Saturday, March 21, 2015

A Laser and an RS Aero in Newport

The New England winters can drive you crazy.

There have been the record-breaking cold temperatures in February and the record-breaking total snowfall this winter. Not to mention the small matter of the sea freezing over.

And there has been the little matter that it's now a year since two of my friends and I put down deposits on RS Aeros and my friends hadn't even seen an Aero yet, much less had the chance to try one. I was the lucky one having sailed the Aero on several days during my vacation at Minorca Sailing last October.

So, we were all getting cabin fever and Aero deprivation fever, until one of my friends, the sailor formerly known as Email Dude, had the crazy idea of persuading our local RS Sailing dealer to lend us a demo RS Aero for a few weeks so that we can all test it out and we can show it off to other sailors who we think will be interested in it too. In March! In New England! Was he mad?

So, we jumped in the car and drove over to Bridgeport CT to see Scott Hardy at the Boat Locker who was very friendly and helpful, and over lunch Email Dude persuaded Scott what a great idea it would be for him to lend us his demo RS Aero, so Email Dude went back a few days later and brought back the Aero to our area. 

So, then we had to sail it.



Lake Whippersnapper in Massachusetts where Email Dude often sails was (and is) still covered in about 2 feet of ice.

Bristol Harbor in Rhode Island, where we often sail was also frozen over. Did I mention it has been a terrible winter?

No Tuesday night sailing in Bristol this week!


So, on the first suitable day we went to Newport.

On Friday of the week before last, and the following Monday, we took our boats to Newport and I sailed my Laser while Email Dude checked out the Aero.

Email Dude dodging the snow to launch the Aero


What a blast! On a Friday afternoon and a Monday morning we had Brenton Cove and Newport Harbor and even the Eastern Passage south of the Pell Bridge, totally to ourselves.

It was eerie.

There are always other boats at Newport.

It's the frigging yachting capital of the world, for Pete's sake.

I have never ever sailed in Newport when there haven't been any other boats on the water.

Where is everyone?



I guess it was about 10-12 knots on the Friday and somewhat less than that on the Monday. We tested the Aero out against the Laser on all points of sail and various wind strengths. And sometimes the Aero was faster and sometimes the Laser was faster but it really didn't prove much because Email Dude was clearly still learning the very different skills need to sail an Aero. But it was fun.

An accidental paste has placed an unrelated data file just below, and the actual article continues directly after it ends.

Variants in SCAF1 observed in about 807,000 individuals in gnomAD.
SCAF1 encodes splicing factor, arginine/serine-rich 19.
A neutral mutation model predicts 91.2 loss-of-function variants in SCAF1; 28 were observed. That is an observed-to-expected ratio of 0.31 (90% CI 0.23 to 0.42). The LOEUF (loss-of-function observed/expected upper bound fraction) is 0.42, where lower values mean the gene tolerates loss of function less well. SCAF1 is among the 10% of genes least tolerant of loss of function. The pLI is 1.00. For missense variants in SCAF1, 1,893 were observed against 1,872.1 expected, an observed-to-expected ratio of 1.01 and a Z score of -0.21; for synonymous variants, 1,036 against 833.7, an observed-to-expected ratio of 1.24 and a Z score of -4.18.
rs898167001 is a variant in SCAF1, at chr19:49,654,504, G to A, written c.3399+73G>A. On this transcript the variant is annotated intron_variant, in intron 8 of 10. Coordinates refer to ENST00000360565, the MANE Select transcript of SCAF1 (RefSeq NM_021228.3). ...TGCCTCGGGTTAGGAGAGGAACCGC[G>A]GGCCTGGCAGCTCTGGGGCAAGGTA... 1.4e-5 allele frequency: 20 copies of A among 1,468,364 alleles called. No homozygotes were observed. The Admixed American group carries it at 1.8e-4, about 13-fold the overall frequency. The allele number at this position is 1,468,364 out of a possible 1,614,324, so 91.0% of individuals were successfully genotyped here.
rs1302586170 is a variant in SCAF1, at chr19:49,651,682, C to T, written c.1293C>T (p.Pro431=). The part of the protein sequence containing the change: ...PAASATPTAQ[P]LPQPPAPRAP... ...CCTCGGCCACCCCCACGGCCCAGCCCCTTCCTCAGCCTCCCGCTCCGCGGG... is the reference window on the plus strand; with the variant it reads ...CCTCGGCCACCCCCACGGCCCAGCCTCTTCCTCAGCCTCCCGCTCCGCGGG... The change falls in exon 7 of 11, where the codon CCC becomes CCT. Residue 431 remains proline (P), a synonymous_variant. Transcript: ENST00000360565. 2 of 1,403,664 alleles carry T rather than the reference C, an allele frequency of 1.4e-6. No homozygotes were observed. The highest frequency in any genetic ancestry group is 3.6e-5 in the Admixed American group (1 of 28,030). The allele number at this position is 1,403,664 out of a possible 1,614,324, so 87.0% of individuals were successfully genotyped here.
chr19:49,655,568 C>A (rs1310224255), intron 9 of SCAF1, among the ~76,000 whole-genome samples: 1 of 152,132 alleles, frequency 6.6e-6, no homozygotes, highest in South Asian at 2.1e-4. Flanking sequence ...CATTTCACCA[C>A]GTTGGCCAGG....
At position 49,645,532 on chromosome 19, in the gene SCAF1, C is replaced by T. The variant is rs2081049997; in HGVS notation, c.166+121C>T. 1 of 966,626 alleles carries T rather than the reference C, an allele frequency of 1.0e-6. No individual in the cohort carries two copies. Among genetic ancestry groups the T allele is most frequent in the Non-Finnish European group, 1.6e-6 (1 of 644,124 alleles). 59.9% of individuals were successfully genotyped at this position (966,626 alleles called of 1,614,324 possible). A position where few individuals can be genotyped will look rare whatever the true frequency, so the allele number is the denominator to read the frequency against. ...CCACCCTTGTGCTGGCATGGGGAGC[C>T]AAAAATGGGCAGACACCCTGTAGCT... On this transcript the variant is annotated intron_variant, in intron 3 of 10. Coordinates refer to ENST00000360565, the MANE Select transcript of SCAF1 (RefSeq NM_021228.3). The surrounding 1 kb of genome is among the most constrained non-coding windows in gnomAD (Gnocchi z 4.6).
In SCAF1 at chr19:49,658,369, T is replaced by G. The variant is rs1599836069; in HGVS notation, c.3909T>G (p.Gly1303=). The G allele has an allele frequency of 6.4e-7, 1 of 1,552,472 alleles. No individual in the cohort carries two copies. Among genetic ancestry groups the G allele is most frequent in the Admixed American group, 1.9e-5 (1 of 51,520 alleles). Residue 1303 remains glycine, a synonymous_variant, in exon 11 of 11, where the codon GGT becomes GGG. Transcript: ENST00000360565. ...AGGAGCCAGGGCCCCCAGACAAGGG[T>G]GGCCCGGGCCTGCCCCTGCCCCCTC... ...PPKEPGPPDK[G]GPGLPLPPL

After the session on Monday, I borrowed the Aero for a few minutes and tested out my capsize recovery skills which had been something of an issue in Minorca. Having watched a lot of videos about how to re-enter the boat from the water after a capsize, I was ready to try again. Unfortunately I only proved that it's hard for an overweight, unfit, geriatric sailor to re-enter the boat over the gunwale like he does in a Laser.


Me attempting to enter the boat over the windward side and totally failing


Me righting the boat again after my spectacular fail


Me getting used to the idea that re-entry over the transom is a lot easier


Maybe later this year I will meet up with that clever Peter Barton chappie who has been running all the RS Aero clinics in the UK and he can teach me what I am doing wrong?



Today, we were going to run a demo day to show off the Aero to some other sailors in Duxbury.

But it was snowing and there was no wind.

So we called it off.

Such is life in New England in the spring!


11 comments:

George A said...

Dry suits?

Tillerman said...

Yes George.

George A said...

My hat's off to you. When the water's that cold I find it a bit awkward--too cold to comfortably sail (in my book) but too warm to ice boat. Perfect time to head indoors and go figure skating.

Tillerman said...

It was surprisingly enjoyable, actually, George. Especially, Friday, the windier day. I hadn't sailed since December, and not in this country since early November. After such a long time with no sailing it felt so good to get back in the boat and remind myself why I like Laser sailing so much. Coming back in from the Eastern Passage past the fort on a close planing reach with spray hitting me in the face, I even made the odd whoop or two. Isn't it great to be young and alive?

Baydog said...

What a perfect ambassador for the Aero you are!

Jay Eveleth said...

Did the Aero plane at lower wind speeds than the Laser?

Tillerman said...

Yes Jay. The Email Dude did report that on Friday he was planing in the Aero some times when I wasn't planing in my Laser.

Jay Eveleth said...

Thanks. Conforms to theory.

R1 said...

Fantastic.

Have you seen this report of Aero versus D-Zero by the esteemed Steve Cockerill?

Hope this link works

Tillerman said...

Yes thanks R1, I did see that. It looks like both the RS Aero and the D-Zero are selling well in the UK and if I still lived there it might be tough to choose between them. But as far as I know there is no source in the US for the D-Zero yet.

Anonymous said...

I went to Minorca Sailing and sailed the Aero against the Laser in some races. In light wind, even on handicap, the Aero 9 was easily the faster boat. But as the wind increases the advantage deminishes. I've been sailing Lasers since they first came out and now will buy an Aero as, for me, the light wind advantage and the improvements in the layout, carbon mast, better sail, mean it is time to change.

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